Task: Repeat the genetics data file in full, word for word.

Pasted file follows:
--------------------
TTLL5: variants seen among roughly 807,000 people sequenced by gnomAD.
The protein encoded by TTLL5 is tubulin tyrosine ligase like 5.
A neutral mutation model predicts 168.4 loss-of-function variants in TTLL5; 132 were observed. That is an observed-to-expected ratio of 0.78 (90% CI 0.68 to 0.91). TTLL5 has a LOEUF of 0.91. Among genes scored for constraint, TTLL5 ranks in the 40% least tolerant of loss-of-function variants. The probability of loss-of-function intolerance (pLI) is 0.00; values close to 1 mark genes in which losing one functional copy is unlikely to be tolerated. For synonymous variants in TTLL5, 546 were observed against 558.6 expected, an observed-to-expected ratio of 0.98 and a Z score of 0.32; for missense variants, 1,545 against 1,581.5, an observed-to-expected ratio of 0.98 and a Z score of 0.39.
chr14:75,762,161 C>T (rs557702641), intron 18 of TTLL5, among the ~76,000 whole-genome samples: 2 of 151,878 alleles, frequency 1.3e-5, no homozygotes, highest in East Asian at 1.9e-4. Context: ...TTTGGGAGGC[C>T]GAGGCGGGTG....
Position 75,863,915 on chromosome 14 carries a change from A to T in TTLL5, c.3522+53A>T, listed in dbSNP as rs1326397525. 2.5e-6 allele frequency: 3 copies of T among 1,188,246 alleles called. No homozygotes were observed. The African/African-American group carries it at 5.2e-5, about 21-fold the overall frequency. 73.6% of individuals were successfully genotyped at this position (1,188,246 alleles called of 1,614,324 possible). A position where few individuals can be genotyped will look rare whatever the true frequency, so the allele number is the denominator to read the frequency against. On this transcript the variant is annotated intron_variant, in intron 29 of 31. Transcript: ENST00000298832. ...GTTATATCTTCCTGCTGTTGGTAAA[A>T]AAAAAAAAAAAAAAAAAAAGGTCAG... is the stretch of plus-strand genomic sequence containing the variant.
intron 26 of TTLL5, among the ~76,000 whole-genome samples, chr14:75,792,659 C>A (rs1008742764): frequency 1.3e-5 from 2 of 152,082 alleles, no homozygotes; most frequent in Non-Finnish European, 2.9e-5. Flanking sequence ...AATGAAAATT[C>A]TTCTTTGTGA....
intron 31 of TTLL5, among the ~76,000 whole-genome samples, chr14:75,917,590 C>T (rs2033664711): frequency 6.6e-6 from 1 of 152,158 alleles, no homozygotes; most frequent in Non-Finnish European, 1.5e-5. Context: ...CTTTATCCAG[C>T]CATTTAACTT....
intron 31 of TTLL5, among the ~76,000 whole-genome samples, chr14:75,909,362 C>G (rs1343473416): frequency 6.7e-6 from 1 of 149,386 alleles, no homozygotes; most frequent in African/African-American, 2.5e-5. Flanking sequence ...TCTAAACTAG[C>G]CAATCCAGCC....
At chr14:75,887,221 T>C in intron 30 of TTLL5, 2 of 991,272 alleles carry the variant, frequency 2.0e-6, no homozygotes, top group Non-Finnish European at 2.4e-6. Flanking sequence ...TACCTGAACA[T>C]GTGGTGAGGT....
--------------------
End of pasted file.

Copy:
TTLL5: variants seen among roughly 807,000 people sequenced by gnomAD.
The protein encoded by TTLL5 is tubulin tyrosine ligase like 5.
A neutral mutation model predicts 168.4 loss-of-function variants in TTLL5; 132 were observed. That is an observed-to-expected ratio of 0.78 (90% CI 0.68 to 0.91). TTLL5 has a LOEUF of 0.91. Among genes scored for constraint, TTLL5 ranks in the 40% least tolerant of loss-of-function variants. The probability of loss-of-function intolerance (pLI) is 0.00; values close to 1 mark genes in which losing one functional copy is unlikely to be tolerated. For synonymous variants in TTLL5, 546 were observed against 558.6 expected, an observed-to-expected ratio of 0.98 and a Z score of 0.32; for missense variants, 1,545 against 1,581.5, an observed-to-expected ratio of 0.98 and a Z score of 0.39.
chr14:75,762,161 C>T (rs557702641), intron 18 of TTLL5, among the ~76,000 whole-genome samples: 2 of 151,878 alleles, frequency 1.3e-5, no homozygotes, highest in East Asian at 1.9e-4. Context: ...TTTGGGAGGC[C>T]GAGGCGGGTG....
Position 75,863,915 on chromosome 14 carries a change from A to T in TTLL5, c.3522+53A>T, listed in dbSNP as rs1326397525. 2.5e-6 allele frequency: 3 copies of T among 1,188,246 alleles called. No homozygotes were observed. The African/African-American group carries it at 5.2e-5, about 21-fold the overall frequency. 73.6% of individuals were successfully genotyped at this position (1,188,246 alleles called of 1,614,324 possible). A position where few individuals can be genotyped will look rare whatever the true frequency, so the allele number is the denominator to read the frequency against. On this transcript the variant is annotated intron_variant, in intron 29 of 31. Transcript: ENST00000298832. ...GTTATATCTTCCTGCTGTTGGTAAA[A>T]AAAAAAAAAAAAAAAAAAAGGTCAG... is the stretch of plus-strand genomic sequence containing the variant.
intron 26 of TTLL5, among the ~76,000 whole-genome samples, chr14:75,792,659 C>A (rs1008742764): frequency 1.3e-5 from 2 of 152,082 alleles, no homozygotes; most frequent in Non-Finnish European, 2.9e-5. Flanking sequence ...AATGAAAATT[C>A]TTCTTTGTGA....
intron 31 of TTLL5, among the ~76,000 whole-genome samples, chr14:75,917,590 C>T (rs2033664711): frequency 6.6e-6 from 1 of 152,158 alleles, no homozygotes; most frequent in Non-Finnish European, 1.5e-5. Context: ...CTTTATCCAG[C>T]CATTTAACTT....
intron 31 of TTLL5, among the ~76,000 whole-genome samples, chr14:75,909,362 C>G (rs1343473416): frequency 6.7e-6 from 1 of 149,386 alleles, no homozygotes; most frequent in African/African-American, 2.5e-5. Flanking sequence ...TCTAAACTAG[C>G]CAATCCAGCC....
At chr14:75,887,221 T>C in intron 30 of TTLL5, 2 of 991,272 alleles carry the variant, frequency 2.0e-6, no homozygotes, top group Non-Finnish European at 2.4e-6. Flanking sequence ...TACCTGAACA[T>C]GTGGTGAGGT....